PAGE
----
Healthcare Professional Spotlight

Alzak Amlani, PhD, is a clinical psychologist practicing in the SF Bay Area for about 23 years. He specializes in navigating major life transitions due to relationship changes, death/loss, career transitions, issues in relationship- marriage, anxiety and depression. He uses an integrative approach to work with the whole person—mind, emotions, body and spirit. He integrates conscious and unconscious aspects, utilize dream work, meditation and nature to assist in healing and balancing. Since 2007, Dr. Amlani been a faculty at the California Institute of Integral Studies in San Francisco, where he trains graduate students to become marriage and family therapists.

ICA: How did your professional routine and practices change due to COVID-19?

Dr. Amlani: Since the quarantine order, I have been working with people via phone and through an online platform. I am quite surprised at how well it works even with couples and families. I have taught my classes on zoom and although I miss the in-person contact, there is enough connection and transfer of information to be a successful medium for teaching.

ICA: What changes are you seeing in patients, due to this unprecedented combination of COVID-19, racial injustice revelations, and economic downturn? How are people coping?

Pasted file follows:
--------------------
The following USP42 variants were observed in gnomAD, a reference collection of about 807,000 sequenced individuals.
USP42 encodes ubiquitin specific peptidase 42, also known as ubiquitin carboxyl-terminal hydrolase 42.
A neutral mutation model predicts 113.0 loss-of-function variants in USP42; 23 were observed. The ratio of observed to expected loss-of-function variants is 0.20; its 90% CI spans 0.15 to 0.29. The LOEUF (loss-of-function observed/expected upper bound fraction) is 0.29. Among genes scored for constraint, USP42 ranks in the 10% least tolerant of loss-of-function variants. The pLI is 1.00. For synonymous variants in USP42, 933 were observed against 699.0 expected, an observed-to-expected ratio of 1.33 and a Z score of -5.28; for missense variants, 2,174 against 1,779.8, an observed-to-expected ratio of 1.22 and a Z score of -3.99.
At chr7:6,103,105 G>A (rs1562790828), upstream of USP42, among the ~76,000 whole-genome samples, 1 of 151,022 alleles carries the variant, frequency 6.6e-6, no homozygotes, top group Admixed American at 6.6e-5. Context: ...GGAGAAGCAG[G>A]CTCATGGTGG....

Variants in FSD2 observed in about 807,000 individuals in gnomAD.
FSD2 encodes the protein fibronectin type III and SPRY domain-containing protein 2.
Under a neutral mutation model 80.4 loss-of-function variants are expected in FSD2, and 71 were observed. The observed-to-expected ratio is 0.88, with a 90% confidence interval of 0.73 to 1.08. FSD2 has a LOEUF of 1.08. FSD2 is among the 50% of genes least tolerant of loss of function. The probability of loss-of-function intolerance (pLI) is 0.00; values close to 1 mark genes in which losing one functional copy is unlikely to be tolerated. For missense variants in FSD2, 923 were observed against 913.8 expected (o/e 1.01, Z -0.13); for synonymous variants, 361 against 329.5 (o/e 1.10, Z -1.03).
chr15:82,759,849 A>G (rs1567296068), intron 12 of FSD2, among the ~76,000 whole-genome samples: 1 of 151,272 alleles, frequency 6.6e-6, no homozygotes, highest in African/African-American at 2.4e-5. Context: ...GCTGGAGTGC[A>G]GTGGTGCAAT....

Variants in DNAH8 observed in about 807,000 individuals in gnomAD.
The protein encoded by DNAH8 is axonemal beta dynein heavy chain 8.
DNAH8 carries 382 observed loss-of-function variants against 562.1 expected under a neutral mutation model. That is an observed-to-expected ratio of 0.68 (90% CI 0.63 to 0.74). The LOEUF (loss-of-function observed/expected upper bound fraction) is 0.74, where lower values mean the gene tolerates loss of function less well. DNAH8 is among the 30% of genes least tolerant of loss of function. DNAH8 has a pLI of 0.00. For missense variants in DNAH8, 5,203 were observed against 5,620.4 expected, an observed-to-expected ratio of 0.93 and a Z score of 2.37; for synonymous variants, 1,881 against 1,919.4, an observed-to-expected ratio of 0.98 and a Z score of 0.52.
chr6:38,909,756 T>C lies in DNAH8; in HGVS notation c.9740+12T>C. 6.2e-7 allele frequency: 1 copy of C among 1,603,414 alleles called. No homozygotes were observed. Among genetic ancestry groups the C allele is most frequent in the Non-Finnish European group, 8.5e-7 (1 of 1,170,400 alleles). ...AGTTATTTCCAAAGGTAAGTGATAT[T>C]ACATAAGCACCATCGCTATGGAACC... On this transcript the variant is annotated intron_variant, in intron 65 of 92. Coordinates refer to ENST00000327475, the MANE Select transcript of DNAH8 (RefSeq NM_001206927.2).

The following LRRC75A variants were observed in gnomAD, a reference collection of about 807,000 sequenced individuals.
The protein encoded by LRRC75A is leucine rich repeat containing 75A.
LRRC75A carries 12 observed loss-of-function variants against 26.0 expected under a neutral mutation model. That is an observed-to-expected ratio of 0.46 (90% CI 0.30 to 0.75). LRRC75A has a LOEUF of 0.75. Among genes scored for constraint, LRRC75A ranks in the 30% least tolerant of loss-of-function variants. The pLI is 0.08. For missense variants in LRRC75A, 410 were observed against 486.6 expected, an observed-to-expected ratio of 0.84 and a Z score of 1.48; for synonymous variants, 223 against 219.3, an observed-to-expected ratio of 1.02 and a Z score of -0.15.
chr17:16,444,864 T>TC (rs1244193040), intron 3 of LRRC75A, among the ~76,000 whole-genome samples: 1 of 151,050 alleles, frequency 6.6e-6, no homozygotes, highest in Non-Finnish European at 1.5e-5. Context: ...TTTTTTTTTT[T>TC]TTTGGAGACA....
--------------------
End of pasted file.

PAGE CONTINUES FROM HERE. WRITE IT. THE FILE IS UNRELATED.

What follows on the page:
Dr. Amlani: There is a range of responses and coping styles with my patients during this pandemic. Many are able to work at home and set up their home-life to be a conducive work environment. Setting up a space that is quiet, comfortable, private and supportive is crucial during this time. Creating some sort of social contact through the day, even if it is on the phone or standing on the balcony, saying hello to a neighbor helps break the isolation for those spending too much time alone.

Patients whose jobs and incomes have been threatened are more anxious and worried. Helping them increase support of various kinds (financial, family, friends) and not catastrophize and worry about the future has been helpful. Parents with young children have struggled more due to the larger, combined responsibilities of working and parenting at home. Creating structure, getting more help and maintaining self-care for adults has been crucial in keeping the family stable and nourished. The more adults who can participate in the various tasks at home, the less it falls on one person, usually the mother.

Those people who have spent more time doing creative activities such as cooking, playing a musical instrument, writing, gardening and the like have found this period meaningful. Other people have needed to work and commute less and their health and well-being have improved.

ICA: What advice would you like to share?

Dr. Amlani: Walking, being in nature, cycling or other sports have kept people more resilient with stronger immune systems and feel less depressed and anxious with a calm sense of strength and optimism. Finding ways to safely socialize with key persons on a regular basis has also added joy and connection at a time when feeling lonely and afraid is common. When these feelings arise, it’s valuable to first be present to them. Take a breath; sense your body and feel the actual feelings that are arising. They are not enemies and won’t destroy you. They are messages of what you’re experiencing that need some of your attention and care.